Immigrants may get more intense care at end of life
LONDON: Recent immigrants may be more likely than other people to receive aggressive treatment in their last six months of life and die in intensive care, a Canadian study suggests.
Even after researchers accounted for other factors that can influence end-of-life care such as income, age and cause of death, recent immigrants were 30 percent more likely to die in intensive care units, the study found.
They were also more likely to be admitted to the hospital in their last six months of life, and more likely to have machines helping them eat and breathe, researchers report in JAMA.
“The perception – I think often a mistaken perception – is that more procedures and machines represent better care, when in fact it doesn’t reflect care that would address patients’ and families’ fundamental needs at the end of life,” said senior study author Dr. Robert Fowler of the Dalla Lana School of Public Health at the University of Toronto.
While the study didn’t assess why recent immigrants received different care than citizens or longtime residents, a lack of awareness about care options outside the hospital and poor communication may both play a role, Fowler said by email.
“We need to do better in our approach to end-of-life care for everyone,” Fowler said.
For the study, researchers examined data on 967,013 people who died in Ontario from 2004 to 2015. Out of this group, 47,515, or 5 percent, were classified as recent immigrants who arrived in the country in 1985 or later.
Half of the recent immigrants died by age 75, compared to a typical longevity of around 80 for longtime residents, the study found.
Roughly 16 percent of recent immigrants died in intensive care, compared to 10 percent of longtime residents.
In the last six months of life, 72 percent of immigrants were admitted to the hospital, compared to 68 percent of other people. Immigrants were also more likely to be admitted to intensive care units.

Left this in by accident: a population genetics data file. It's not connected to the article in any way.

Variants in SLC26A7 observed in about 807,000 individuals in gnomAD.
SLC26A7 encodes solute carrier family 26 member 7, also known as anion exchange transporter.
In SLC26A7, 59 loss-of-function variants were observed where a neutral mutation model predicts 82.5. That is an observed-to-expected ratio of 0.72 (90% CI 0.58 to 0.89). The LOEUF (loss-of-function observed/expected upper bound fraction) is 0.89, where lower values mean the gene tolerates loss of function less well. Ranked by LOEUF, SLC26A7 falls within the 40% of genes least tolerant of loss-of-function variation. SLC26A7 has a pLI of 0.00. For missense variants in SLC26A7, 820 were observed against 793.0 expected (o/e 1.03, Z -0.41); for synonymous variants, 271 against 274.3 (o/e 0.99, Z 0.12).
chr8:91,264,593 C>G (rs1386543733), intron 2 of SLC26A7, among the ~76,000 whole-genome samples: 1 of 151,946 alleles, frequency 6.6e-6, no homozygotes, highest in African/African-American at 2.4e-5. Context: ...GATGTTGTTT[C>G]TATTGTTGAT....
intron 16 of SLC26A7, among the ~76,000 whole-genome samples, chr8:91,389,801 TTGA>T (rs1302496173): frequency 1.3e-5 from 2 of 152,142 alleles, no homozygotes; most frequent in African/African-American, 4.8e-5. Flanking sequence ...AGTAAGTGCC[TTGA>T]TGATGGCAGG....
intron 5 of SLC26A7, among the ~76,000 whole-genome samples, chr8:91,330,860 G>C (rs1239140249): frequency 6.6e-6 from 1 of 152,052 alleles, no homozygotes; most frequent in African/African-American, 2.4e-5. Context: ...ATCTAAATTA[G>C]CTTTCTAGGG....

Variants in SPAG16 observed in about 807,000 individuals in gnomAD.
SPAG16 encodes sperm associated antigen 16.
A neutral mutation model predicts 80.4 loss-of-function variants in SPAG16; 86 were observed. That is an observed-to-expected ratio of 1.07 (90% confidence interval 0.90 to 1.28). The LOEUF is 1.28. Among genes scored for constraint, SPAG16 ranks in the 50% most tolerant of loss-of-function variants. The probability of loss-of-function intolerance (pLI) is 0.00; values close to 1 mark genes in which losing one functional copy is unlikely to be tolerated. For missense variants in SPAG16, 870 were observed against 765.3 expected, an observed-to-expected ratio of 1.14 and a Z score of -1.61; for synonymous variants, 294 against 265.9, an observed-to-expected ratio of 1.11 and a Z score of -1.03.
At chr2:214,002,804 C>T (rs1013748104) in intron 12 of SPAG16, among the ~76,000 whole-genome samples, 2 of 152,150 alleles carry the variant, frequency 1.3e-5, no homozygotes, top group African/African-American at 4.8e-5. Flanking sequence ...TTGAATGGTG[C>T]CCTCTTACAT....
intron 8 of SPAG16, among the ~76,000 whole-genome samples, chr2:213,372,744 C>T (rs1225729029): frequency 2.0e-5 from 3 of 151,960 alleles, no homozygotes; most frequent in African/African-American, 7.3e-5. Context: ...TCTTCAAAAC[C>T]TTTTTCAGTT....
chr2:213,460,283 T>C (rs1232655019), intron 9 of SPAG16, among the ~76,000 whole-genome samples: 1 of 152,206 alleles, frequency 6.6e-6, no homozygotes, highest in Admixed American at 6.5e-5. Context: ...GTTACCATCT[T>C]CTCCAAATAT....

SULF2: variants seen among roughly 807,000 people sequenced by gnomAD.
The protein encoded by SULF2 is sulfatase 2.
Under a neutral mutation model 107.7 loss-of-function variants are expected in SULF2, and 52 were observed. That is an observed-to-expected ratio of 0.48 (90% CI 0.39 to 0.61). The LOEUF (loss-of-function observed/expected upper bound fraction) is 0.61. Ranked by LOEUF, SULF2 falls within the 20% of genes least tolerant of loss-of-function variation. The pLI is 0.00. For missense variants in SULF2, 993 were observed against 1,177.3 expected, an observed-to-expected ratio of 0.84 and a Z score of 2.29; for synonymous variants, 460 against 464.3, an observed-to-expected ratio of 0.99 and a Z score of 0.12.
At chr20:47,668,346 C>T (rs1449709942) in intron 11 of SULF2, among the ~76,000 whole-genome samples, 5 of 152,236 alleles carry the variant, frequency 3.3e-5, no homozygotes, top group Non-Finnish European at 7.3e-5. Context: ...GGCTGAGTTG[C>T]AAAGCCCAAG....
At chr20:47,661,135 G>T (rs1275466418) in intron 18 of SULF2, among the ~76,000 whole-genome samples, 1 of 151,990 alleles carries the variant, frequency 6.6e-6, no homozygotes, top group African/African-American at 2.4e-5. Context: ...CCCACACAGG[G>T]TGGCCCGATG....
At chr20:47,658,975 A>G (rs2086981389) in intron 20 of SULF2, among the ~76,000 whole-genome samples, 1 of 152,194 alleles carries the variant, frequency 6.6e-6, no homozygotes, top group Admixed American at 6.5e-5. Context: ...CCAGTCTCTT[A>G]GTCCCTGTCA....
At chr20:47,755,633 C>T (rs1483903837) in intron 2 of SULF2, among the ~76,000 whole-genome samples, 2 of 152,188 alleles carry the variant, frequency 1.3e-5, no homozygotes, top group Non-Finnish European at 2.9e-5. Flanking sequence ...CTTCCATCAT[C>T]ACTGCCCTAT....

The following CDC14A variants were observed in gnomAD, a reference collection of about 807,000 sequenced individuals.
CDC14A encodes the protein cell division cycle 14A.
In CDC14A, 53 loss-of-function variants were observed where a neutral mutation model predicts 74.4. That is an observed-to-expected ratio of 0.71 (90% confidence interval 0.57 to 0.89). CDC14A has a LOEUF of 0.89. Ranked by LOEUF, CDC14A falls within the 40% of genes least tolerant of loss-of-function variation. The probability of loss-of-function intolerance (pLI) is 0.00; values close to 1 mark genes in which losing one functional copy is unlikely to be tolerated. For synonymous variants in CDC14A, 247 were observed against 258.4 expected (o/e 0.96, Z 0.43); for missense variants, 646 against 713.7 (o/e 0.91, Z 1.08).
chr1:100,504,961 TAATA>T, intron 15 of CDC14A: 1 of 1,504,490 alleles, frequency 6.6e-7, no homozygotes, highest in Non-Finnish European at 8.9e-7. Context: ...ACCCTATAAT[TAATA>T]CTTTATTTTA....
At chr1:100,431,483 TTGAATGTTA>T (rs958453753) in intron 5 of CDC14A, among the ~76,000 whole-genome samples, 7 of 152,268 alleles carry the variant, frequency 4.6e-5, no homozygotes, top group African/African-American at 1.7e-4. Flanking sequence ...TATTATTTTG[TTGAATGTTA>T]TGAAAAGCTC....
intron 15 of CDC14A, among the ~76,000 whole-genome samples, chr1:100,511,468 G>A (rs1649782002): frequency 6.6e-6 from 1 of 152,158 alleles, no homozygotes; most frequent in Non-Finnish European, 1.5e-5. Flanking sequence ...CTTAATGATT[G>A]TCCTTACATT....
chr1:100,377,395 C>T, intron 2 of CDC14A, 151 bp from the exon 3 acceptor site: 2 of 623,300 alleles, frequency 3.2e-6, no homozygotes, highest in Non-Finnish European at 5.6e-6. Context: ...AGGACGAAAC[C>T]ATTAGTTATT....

Roughly 6 percent of recent immigrants received dialysis or feeding tubes near the end of life, about twice the proportion of longtime residents that got these interventions.
About 2 percent of immigrants got what’s known as a tracheostomy, a procedure to place a breathing tube through a hole in the neck; this was also about twice as likely for immigrants as for longtime residents.
Mechanical ventilation to aid breathing was provided to 22 percent of immigrants and just 14 percent of other people, the study also found.
Immigrants’ region of origin also appeared to influence their treatment, with less aggressive care provided to people from Northern and Western Europe and more intensive interventions given to people from South Asia.
One limitation of the study is that researchers lacked data on disease severity and other individual patient characteristics that might influence the intensity of care, the authors note.
It’s also possible that differences in care found in Canada, with universal health insurance for the entire population, might be magnified in the U.S. or other countries where costs and insurance status can influence care, Fowler said.
A variety of factors may influence end-of-life care for immigrants, including whether they have family members who can advocate on their behalf, their cultural beliefs about dying, and language barriers that prevent them from understanding treatment options or communicating their preferences, said Michael Harhay, author of an accompanying editorial and fellow at the Palliative and Advanced Illness Research Center at the Perelman School of Medicine at the University of Pennsylvania in Philadelphia.
“Understanding the mechanisms by which immigrants get admitted to hospitals is a missing piece to this story and may provide insight into the role of limited resources and barriers to palliative care,” Harhay said by email.
“Differences in treatment may stem from differences in knowledge,” Harhay added. “So it is essential for clinicians to inform patients of both their prognosis and management options.”